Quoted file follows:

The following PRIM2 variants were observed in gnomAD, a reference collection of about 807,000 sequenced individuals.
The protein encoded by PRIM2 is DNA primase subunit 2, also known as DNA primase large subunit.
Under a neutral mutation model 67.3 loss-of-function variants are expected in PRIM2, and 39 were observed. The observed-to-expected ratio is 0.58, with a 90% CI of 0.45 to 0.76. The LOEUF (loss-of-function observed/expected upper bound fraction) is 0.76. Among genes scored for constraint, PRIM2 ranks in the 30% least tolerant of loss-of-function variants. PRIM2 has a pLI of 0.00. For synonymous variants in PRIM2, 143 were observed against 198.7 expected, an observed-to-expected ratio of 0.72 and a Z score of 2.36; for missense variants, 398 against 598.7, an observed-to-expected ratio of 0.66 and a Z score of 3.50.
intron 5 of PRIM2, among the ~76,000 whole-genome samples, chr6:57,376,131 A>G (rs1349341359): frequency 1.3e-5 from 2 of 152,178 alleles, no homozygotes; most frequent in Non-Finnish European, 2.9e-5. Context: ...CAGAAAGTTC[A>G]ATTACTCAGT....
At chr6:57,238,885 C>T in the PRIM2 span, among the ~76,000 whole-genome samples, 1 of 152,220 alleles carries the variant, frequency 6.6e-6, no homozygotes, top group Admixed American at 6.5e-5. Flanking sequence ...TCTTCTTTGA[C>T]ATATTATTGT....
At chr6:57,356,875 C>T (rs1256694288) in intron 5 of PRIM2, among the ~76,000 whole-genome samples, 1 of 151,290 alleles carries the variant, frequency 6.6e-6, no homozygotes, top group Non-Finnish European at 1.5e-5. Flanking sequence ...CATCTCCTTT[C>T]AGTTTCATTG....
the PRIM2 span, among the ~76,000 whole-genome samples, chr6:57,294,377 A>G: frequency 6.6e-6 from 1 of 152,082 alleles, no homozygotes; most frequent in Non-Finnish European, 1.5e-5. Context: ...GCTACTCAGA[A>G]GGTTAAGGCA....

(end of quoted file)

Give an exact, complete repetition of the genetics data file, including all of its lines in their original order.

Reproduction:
The following PRIM2 variants were observed in gnomAD, a reference collection of about 807,000 sequenced individuals.
The protein encoded by PRIM2 is DNA primase subunit 2, also known as DNA primase large subunit.
Under a neutral mutation model 67.3 loss-of-function variants are expected in PRIM2, and 39 were observed. The observed-to-expected ratio is 0.58, with a 90% CI of 0.45 to 0.76. The LOEUF (loss-of-function observed/expected upper bound fraction) is 0.76. Among genes scored for constraint, PRIM2 ranks in the 30% least tolerant of loss-of-function variants. PRIM2 has a pLI of 0.00. For synonymous variants in PRIM2, 143 were observed against 198.7 expected, an observed-to-expected ratio of 0.72 and a Z score of 2.36; for missense variants, 398 against 598.7, an observed-to-expected ratio of 0.66 and a Z score of 3.50.
intron 5 of PRIM2, among the ~76,000 whole-genome samples, chr6:57,376,131 A>G (rs1349341359): frequency 1.3e-5 from 2 of 152,178 alleles, no homozygotes; most frequent in Non-Finnish European, 2.9e-5. Context: ...CAGAAAGTTC[A>G]ATTACTCAGT....
At chr6:57,238,885 C>T in the PRIM2 span, among the ~76,000 whole-genome samples, 1 of 152,220 alleles carries the variant, frequency 6.6e-6, no homozygotes, top group Admixed American at 6.5e-5. Flanking sequence ...TCTTCTTTGA[C>T]ATATTATTGT....
At chr6:57,356,875 C>T (rs1256694288) in intron 5 of PRIM2, among the ~76,000 whole-genome samples, 1 of 151,290 alleles carries the variant, frequency 6.6e-6, no homozygotes, top group Non-Finnish European at 1.5e-5. Flanking sequence ...CATCTCCTTT[C>T]AGTTTCATTG....
the PRIM2 span, among the ~76,000 whole-genome samples, chr6:57,294,377 A>G: frequency 6.6e-6 from 1 of 152,082 alleles, no homozygotes; most frequent in Non-Finnish European, 1.5e-5. Context: ...GCTACTCAGA[A>G]GGTTAAGGCA....